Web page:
Listening to Verdi and Mozart could help prevent rejection of a transplanted organ.

Japanese scientists have discovered that exposure to classical music may have health benefits far beyond those previously documented.

We all know that classical music can act as a balm for the soul, but the findings of a study published in the Journal of Cardiothoracic Surgery  suggests that it’s good for the ticker as well. The experiment, conducted by a team of researchers led by Dr Masanori Nimi, monitored the responses of mice to various sounds and genres of music after they underwent heart transplants from unrelated donors.

The rodents were divided into five groups exposed to opera (Verdi’s  La Traviata, conducted by Sir Georg Solti), instrumental music (Mozart concertos), New Age music  (The Best of Enya), monotone sound frequencies, or no music.

After several days’ convalescence under these conditions, the mice whose soundtracks featured Enya, one of the sound frequencies, or no music at all rejected the transplanted organs. Their hearts gave out 7.5 to 11 days after surgery.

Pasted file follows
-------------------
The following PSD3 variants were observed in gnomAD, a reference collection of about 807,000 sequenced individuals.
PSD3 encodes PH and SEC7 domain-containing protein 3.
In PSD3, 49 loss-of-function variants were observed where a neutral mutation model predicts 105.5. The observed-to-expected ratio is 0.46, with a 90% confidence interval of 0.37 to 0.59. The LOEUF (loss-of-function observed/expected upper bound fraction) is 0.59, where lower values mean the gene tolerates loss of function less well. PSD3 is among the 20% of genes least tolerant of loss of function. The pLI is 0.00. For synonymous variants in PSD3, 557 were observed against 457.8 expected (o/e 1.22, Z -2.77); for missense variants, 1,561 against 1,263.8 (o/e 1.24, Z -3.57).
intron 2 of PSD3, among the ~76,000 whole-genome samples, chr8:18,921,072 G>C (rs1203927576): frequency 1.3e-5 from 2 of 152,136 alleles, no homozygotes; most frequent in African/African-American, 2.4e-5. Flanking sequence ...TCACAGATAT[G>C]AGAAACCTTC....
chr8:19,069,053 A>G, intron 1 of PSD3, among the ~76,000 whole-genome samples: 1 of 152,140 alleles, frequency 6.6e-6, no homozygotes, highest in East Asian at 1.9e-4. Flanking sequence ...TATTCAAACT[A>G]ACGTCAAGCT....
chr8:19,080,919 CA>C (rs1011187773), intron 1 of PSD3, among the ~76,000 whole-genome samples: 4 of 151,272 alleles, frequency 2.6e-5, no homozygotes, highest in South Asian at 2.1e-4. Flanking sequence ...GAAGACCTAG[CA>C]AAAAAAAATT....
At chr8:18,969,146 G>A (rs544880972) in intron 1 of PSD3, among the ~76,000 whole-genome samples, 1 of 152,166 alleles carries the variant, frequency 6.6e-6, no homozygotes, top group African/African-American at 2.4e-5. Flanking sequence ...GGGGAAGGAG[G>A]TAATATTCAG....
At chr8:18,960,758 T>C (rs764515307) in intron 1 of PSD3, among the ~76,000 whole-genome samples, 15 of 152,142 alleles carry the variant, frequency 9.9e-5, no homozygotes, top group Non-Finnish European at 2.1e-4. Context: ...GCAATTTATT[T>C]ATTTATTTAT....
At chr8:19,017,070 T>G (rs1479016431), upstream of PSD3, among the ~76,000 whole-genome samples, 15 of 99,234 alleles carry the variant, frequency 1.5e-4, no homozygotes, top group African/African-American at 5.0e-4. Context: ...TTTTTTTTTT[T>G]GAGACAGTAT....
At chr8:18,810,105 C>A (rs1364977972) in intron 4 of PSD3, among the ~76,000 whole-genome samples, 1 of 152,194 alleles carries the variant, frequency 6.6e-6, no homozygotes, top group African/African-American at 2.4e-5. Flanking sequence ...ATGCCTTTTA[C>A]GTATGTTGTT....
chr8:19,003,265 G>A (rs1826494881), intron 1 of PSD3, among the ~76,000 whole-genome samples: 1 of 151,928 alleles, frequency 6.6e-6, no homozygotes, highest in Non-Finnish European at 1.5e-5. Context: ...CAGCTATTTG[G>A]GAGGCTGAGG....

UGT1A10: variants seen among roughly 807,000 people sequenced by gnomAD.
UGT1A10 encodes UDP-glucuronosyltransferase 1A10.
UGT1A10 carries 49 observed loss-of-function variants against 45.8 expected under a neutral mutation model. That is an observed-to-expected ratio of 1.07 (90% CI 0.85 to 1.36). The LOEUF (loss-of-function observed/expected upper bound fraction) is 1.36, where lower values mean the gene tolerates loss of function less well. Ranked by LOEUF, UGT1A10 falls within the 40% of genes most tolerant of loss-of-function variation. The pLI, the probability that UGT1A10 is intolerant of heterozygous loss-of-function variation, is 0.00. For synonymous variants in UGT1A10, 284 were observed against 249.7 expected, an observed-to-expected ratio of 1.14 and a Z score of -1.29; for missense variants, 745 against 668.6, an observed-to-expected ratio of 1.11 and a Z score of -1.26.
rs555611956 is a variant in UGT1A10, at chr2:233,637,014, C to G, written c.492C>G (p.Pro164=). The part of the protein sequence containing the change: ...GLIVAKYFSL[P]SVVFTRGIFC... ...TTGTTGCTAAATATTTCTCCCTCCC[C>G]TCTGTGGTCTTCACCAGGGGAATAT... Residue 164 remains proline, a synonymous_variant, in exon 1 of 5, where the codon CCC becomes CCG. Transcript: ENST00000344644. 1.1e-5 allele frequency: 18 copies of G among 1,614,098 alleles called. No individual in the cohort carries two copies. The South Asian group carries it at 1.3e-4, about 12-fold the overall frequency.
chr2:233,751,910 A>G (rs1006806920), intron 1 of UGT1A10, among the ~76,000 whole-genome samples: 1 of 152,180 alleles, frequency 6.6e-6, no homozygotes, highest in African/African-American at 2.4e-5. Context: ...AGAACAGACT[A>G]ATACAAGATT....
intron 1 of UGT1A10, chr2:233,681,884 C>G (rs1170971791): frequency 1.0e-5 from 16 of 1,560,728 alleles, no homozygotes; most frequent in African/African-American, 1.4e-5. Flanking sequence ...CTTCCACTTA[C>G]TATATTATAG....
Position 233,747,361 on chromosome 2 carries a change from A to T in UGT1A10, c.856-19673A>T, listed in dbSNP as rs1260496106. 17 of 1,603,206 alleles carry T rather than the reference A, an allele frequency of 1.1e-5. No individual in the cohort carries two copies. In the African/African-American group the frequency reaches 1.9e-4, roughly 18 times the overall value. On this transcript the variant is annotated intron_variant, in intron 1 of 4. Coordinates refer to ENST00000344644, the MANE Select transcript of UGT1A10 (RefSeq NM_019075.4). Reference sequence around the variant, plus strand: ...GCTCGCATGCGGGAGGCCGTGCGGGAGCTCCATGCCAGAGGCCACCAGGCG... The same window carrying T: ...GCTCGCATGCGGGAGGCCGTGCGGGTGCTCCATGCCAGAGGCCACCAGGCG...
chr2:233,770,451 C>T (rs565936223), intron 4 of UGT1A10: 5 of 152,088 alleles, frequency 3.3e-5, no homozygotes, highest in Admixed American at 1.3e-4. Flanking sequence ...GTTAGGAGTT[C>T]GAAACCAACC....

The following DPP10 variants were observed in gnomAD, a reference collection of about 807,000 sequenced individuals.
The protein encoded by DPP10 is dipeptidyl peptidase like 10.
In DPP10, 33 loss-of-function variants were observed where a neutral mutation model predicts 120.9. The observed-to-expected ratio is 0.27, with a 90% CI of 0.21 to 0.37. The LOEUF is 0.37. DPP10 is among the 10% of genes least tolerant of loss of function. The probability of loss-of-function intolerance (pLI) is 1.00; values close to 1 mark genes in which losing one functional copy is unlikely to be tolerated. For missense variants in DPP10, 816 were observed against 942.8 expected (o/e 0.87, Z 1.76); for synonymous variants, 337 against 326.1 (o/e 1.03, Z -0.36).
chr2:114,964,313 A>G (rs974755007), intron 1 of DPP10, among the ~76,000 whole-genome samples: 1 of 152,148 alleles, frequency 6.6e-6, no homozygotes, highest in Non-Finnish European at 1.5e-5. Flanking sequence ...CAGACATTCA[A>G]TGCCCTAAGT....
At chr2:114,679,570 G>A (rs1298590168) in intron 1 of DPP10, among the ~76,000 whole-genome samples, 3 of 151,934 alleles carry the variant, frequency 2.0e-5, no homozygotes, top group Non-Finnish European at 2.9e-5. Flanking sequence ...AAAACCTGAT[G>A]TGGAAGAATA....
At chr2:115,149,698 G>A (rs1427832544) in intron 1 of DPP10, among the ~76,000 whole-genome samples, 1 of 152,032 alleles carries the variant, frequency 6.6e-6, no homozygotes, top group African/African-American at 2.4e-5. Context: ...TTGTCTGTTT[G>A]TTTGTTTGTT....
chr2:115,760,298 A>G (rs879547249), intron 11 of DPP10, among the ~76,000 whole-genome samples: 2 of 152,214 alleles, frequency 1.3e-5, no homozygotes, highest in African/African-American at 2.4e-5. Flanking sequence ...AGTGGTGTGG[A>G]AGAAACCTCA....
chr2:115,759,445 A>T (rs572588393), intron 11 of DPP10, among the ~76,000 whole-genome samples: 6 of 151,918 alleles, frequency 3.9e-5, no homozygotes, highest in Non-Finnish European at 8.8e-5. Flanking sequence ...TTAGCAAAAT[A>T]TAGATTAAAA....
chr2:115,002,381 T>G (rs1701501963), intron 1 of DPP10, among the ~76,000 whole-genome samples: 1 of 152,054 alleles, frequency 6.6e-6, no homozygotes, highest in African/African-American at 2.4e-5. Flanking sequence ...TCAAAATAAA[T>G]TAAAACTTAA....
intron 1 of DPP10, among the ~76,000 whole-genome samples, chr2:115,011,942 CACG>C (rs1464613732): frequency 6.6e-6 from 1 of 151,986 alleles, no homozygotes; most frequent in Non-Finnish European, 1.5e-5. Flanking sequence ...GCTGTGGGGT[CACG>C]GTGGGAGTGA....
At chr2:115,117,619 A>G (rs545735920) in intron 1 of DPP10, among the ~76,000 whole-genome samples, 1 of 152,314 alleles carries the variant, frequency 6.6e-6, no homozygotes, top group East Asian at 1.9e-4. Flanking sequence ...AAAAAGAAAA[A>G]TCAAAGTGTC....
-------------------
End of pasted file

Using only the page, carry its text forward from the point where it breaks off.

By contrast, the researchers report that the mice exposed to Verdi or Mozart “had significantly prolonged survival”, up to 26.5 days for those listening to La Traviataand 20 days for the...

This article is available to Limelight subscribers.

Log in to continue reading.

Access our paywalled content and archive of magazines, regular news and features for the limited offer of $3 per month. Support independent journalism.

Subscribe now